Is Recession Sex Even Better Than Makeup Sex?

Or Could Analytics, Marketing Be Behind Rising Sales of Personal Lubricant, 'Sexual-Enhancement Devices'?

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BATAVIA, Ohio ( -- The recession hasn't taken any edge off the sexual-accessories trade and may well have helped: Data show that such things as his-and-hers lubricants and mass-market sexual-enhancement devices are producing fireworks in supermarket and drug-store aisles.

K-Y Intense is the first major mass-market female-arousal gel.
K-Y Intense is the first major mass-market female-arousal gel.
First-quarter sales of personal lubricants soared 32% to $41.2 million, according to Information Resources Inc., led almost entirely by continued strength from last year's launch of Johnson & Johnson's K-Y Yours & Mine his-and-hers lubricants. That was even before ads from Mother, New York, launched last month behind K-Y Intense, the first major mass-market female-arousal gel, which has gotten major end-aisle displays in such surprising places as Walmart stores this spring.

Meanwhile, the small but suddenly booming "sexual-enhancement devices" category in food, drug and mass-market stores is growing even faster, albeit off a very small base, up 74% to $10.1 million for the full year ended April 19, according to IRI, with Church & Dwight's Trojan and Durex products leading the way.

"When the economy goes down, sex goes up," said a J&J spokesman by way of explanation, but he and the brand team declined to elaborate on why their products seem to be booming when the economy isn't.

Jim Daniels, VP-marketing for Trojan at Church & Dwight, has some more-developed theories about why what he describes as the "sexual health" business is so healthy these days.

Opportunities for the marketing and media industries in an otherwise bleak year

For one thing, he said, he believes package-goods analytics and marketing are potent forces when applied to sex, something that, at least from a product standpoint, the industry really hadn't paid that much attention to until recent years.

Classic CPG research
"These are areas where there are unmet consumer needs," he said. "So what you're seeing is that companies like Church & Dwight, Johnson & Johnson, are investing in classic CPG research, and bringing that research and skills to bear in the sexual-health category, which really hasn't had a lot of classic CPG activity. ... Once those insights are uncovered, package-goods companies move very quickly to meet those needs with products, as well as advertising to make people aware of them."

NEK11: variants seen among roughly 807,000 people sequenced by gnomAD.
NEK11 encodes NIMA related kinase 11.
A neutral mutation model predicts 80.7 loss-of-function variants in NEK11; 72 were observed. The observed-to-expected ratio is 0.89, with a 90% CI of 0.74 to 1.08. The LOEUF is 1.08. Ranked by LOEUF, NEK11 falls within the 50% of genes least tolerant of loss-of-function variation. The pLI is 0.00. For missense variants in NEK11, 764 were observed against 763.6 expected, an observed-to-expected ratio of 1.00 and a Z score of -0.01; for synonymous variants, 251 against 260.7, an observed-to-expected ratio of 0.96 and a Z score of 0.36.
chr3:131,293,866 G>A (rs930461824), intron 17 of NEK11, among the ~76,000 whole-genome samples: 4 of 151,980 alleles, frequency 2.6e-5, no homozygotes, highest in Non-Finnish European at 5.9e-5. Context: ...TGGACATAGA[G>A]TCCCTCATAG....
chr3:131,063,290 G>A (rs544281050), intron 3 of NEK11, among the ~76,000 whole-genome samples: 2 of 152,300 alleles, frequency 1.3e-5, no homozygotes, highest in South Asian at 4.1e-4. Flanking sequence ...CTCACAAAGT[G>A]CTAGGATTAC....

The other theory is that recession actually helps.

"These seem to be products people are actually gravitating toward in a recession," Mr. Daniels said. "I'm not a psychologist, so I don't know why that is. We are seeing people spending more time at home. We're seeing people's relationships being stressed. We're seeing people looking for means to reconnect with their partner and invest in relationships. In some cases, people may have more time on their hands if they're not working."

But the reality is that some of this was always a pretty big business, just not one conducted in grocery, drug or mass-merchandise stores, where it's still illegal to sell some of these products in seven states.

Church & Dwight estimates sexual devices are actually a $1 billion business in the U.S., not the tiny $10 million measured by IRI in food, drug and mass stores. While the business overall is growing too, it's up by more like mid- to high single digits than the double digits IRI can see, Mr. Daniels said.

Most of those device sales today come online, through adult stores or through home parties organized by direct sellers such as Pure Romance, he said. Much of the business done to date by Trojan Vibrating Touch, a product launched last year that fits on the fingertip, has been through TV and online direct-response advertising.

Mainstream activity
Use of some of these products is remarkably mainstream, Mr. Daniels said. Church & Dwight is preparing to release a study conducted through Indiana University and Knowledge Networks of more than 3,000 U.S. adults showing that half have used a "vibrating product" at some point in their lives and a third have used one within the past year. Of those, Mr. Daniels said, 80% have used it with a partner.

All of this seems to bode well for future growth -- maybe for the U.S. population, too. Sales in Trojan's main business, condoms, aren't growing nearly as fast as in other areas of "sexual health." IRI data reported by Deutsche Bank show sales flat last year and down 2.1% in the first quarter, though Mr. Daniels said sales are up slightly in all channels. And IMS Health reports that contraceptive prescriptions last year were flat for the second year in a row.

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